Despite the overwhelmingly positive record of environmental and human safety, and the substantial burden of mandatory testing and regulatory review, some critics have demanded special labeling for GE foods. They argue that, even if GE foods are safe and nutritious, consumers want the additional information and have a right to choose products that are not produced using genetic engineering.
    By 2014, Vermont, Connecticut, and Maine had enacted legislation that would require labeling certain GE foods as containing genetically engineered ingredients— and several other states have considered such laws. Such mandatory labeling would create a patchwork of conflicting, onerous, and expensive labeling rules throughout the country, needlessly raising the cost of all foods, whether or not they contained GE ingredients. Mandatory labels also send a false signal to consumers that they should be concerned about eating GE foods. They are unnecessary because a thriving market exists for voluntarily labeled non-GE foods, providing plenty of choices to those who wish to avoid genetically engineered ingredients. And mandatory labeling laws also raise First Amendment questions, if they are not enacted to advance a government interest more substantial than satisfying consumer curiosity.
    To head off the threat of conflicting state laws, in July 2016, Congress enacted the National Bioengineered Food Disclosure Standard to create a uniform national labeling policy for genetically engineered foods and ingredients enacted as S. 764. The law instructs the U.S. Department of Agriculture to require food producers to disclose whether their products include GE ingredients. Producers will be given an option to disclose the information with on-package labeling or by directing consumers to a website or telephone number, from which they can learn about individual products.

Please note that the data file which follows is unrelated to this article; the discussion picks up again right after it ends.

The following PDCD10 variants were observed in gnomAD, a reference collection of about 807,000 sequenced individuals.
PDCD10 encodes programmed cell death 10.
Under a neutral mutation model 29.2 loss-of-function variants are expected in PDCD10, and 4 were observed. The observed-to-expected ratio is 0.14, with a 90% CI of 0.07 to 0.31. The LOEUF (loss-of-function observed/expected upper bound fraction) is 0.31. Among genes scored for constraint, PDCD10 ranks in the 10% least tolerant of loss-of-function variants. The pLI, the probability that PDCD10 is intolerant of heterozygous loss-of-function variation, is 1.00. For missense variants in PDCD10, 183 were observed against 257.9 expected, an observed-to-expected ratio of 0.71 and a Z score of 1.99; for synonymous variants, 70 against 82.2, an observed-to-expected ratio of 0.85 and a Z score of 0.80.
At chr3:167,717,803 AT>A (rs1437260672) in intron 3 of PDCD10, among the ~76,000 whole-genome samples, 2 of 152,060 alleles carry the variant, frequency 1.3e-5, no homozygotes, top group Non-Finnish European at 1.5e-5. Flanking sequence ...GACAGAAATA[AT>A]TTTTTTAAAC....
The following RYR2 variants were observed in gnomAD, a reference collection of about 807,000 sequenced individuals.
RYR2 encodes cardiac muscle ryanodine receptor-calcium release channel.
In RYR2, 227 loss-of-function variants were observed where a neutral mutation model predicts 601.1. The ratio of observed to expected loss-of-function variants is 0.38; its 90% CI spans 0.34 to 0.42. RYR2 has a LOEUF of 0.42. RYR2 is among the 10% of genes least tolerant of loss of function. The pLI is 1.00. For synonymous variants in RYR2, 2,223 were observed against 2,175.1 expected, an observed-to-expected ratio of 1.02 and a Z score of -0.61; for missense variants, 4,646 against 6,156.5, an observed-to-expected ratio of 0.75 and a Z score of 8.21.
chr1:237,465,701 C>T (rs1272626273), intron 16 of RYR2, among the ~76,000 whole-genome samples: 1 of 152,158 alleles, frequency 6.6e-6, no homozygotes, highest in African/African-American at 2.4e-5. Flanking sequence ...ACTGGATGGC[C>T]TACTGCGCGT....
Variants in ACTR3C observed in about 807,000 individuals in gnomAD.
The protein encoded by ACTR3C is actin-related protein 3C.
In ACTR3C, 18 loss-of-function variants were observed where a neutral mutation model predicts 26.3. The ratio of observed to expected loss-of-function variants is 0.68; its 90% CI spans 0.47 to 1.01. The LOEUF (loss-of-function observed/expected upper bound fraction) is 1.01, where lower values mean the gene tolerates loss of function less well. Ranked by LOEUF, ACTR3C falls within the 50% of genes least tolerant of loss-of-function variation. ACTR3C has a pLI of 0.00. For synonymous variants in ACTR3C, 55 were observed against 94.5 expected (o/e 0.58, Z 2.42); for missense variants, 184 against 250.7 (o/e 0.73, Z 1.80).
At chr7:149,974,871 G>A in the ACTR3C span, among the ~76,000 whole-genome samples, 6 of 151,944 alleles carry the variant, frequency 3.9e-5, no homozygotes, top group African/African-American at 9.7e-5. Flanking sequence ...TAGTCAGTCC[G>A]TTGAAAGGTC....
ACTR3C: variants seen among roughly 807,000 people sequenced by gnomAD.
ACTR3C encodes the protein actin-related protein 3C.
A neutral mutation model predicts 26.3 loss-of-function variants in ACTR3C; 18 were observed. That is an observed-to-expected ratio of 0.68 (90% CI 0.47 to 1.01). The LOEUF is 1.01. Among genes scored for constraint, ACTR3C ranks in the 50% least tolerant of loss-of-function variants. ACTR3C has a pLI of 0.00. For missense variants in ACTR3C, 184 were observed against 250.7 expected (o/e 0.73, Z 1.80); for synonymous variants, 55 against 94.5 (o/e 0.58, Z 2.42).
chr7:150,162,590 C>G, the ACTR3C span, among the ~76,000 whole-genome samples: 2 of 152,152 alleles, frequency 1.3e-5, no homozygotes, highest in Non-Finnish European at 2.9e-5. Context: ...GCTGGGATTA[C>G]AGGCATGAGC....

Despite creating a new nationwide regulatory burden, the bill received overwhelming support from food and agriculture interests, because it also preempts state labeling requirements that differ from the national standard, thereby alleviating some of the concerns about inconsistent state laws. Unfortunately, this uniform national standard will prove to be little better than state mandates. Although it will prevent states from enacting multiple, conflicting policies, it (a) will still prove expensive for food producers to implement, (b) will falsely suggest that there is some reason for consumers to be concerned about GE ingredients, and (c) may run afoul of the First Amendment’s prohibition on compelled speech that does not further a substantial government interest.